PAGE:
Whether by Facebook, MySpace, LinkedIn, Twitter or other technological means, most everybody is “social networking” their brains out these days.
We’re signing on enthusiastically not because we’re starved for more technology.
Rather, in a society that has grown more mobile and global, detached and fragmented, we crave community, and social networking hits the spot.
These are virtual communities, mind you, and don’t expect your Twitter buddies to give you a hug when you need one.
But this is community nonetheless, even if you never see your favorites’ faces or learn their real names.
“In and through community lies the salvation of the world,” author M. Scott Peck wrote in 1986 in “The Different Drum.”
If that’s true, then the world is well on its way to being saved.
At the Tucson Citizen, online commentators have formed such a vivid community that even casual readers know what to expect from Towken1 and leftfield, among others.
At news of the Citizen’s eventual closure, even some of our harshest critics lamented the loss of their virtual community on our Web site. They’ve found a haven here, and they’re loath to let it go.
We understand. Our newsroom is a community, too, and most of us will miss it when it disintegrates – just as most of us miss other neighborhoods and workplaces we have left behind.
But now comes technology, ever ready to fill that void – whether tapping into professional contacts through LinkedIn, chatting about pirates and Cuba on Facebook or merely swapping headlines and inane “going to Wal-Mart” bulletins via Twitter.
Social networking is a great way to conduct public relations and advertising, if done unobtrusively with deftness and decency.
It’s a terrific way to network with professional contacts as well.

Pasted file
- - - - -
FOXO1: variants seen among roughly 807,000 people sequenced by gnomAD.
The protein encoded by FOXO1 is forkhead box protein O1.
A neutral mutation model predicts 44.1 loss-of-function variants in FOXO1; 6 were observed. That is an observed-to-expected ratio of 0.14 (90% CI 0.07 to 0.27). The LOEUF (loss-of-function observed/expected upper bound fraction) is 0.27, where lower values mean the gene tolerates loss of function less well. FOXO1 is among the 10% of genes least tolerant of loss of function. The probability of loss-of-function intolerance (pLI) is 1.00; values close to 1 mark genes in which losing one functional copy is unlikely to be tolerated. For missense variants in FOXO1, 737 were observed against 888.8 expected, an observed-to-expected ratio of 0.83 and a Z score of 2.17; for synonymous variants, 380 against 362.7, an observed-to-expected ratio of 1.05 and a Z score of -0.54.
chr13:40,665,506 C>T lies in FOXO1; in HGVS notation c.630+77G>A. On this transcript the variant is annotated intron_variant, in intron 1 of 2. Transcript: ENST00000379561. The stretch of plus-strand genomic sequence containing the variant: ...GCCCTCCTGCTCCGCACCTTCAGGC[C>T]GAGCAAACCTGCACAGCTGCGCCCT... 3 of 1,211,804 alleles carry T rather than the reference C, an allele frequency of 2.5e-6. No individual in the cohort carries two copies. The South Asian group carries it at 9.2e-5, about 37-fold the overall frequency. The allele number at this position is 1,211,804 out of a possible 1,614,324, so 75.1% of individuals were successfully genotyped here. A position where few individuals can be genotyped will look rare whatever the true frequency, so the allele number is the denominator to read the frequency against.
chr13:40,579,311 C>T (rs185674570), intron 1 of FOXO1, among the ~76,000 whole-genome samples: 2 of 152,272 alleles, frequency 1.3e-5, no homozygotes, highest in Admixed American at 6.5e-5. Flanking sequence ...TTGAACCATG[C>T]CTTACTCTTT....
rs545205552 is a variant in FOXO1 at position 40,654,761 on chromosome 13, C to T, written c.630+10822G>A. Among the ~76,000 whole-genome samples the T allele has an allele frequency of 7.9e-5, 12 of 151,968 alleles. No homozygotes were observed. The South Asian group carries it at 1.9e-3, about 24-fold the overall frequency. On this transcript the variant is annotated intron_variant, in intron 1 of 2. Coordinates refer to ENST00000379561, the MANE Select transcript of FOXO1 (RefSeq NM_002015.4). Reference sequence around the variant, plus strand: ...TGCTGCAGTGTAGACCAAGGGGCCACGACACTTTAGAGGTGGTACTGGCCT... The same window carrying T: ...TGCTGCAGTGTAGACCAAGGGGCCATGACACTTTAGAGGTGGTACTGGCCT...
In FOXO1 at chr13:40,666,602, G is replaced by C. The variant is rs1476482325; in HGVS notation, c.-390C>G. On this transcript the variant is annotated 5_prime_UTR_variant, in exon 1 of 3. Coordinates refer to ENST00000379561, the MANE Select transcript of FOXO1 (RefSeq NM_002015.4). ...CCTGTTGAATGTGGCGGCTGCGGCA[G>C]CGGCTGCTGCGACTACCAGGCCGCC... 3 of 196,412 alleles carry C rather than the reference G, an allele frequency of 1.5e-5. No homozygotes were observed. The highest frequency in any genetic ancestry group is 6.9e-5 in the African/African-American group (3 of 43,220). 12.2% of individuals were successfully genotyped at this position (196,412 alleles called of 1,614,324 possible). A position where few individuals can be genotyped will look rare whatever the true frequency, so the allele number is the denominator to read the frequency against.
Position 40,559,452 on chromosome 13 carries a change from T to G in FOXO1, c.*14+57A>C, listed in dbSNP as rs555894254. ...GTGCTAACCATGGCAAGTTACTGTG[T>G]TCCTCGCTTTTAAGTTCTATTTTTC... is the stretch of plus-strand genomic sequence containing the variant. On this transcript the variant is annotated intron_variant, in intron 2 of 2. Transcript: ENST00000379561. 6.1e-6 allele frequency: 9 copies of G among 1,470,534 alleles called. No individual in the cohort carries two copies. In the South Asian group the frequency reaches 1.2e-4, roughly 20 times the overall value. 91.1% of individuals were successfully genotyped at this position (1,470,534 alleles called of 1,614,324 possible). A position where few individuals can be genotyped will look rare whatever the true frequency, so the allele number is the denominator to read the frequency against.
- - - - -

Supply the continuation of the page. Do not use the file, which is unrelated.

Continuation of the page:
And it’s an even better way to catch up with long-lost friends and quickly get a handle on where they are now.
A Facebook connection, for example, led me to get reacquainted with one of my favorite young reporters from yesteryear. She’s now a major network anchorwoman in Chicago.
I’d never have learned about that happy outcome if not for social networking.
I’ve reconnected with many, many more via LinkedIn, thanks to cousin Jennifer Miller who insisted I join that network.
Today, LinkedIn says, my 139 connections link me to more than 644,200 professionals.
Don’t be impressed. High- profile real estate networker Bill Austin of Phoenix has more than 8,700 connections. The number of professionals he’s linked to must be staggering.
Numbers don’t matter as much as consistency, though.
I recently quipped in a column that Twitter must be an incurable genetic disorder. Now I’ve begun to tentatively Tweet, too, so I’m just another twit.
My friend Becky and I used to brag about being anti-tech, able to operate nothing more complex than a toaster. We made Ted Kaczynski the Unabomber look like a high-tech dude.
Not anymore, not for me anyway. I always will prefer the feel of newsprint to the mouse and computer approach, the painting in a gallery to the artwork on a screen.
But nowadays, we can have it all – and we’d better, if we expect to keep up.
Fun chatting with you, but I’m off to a workshop on social networking. See you in cyberspace!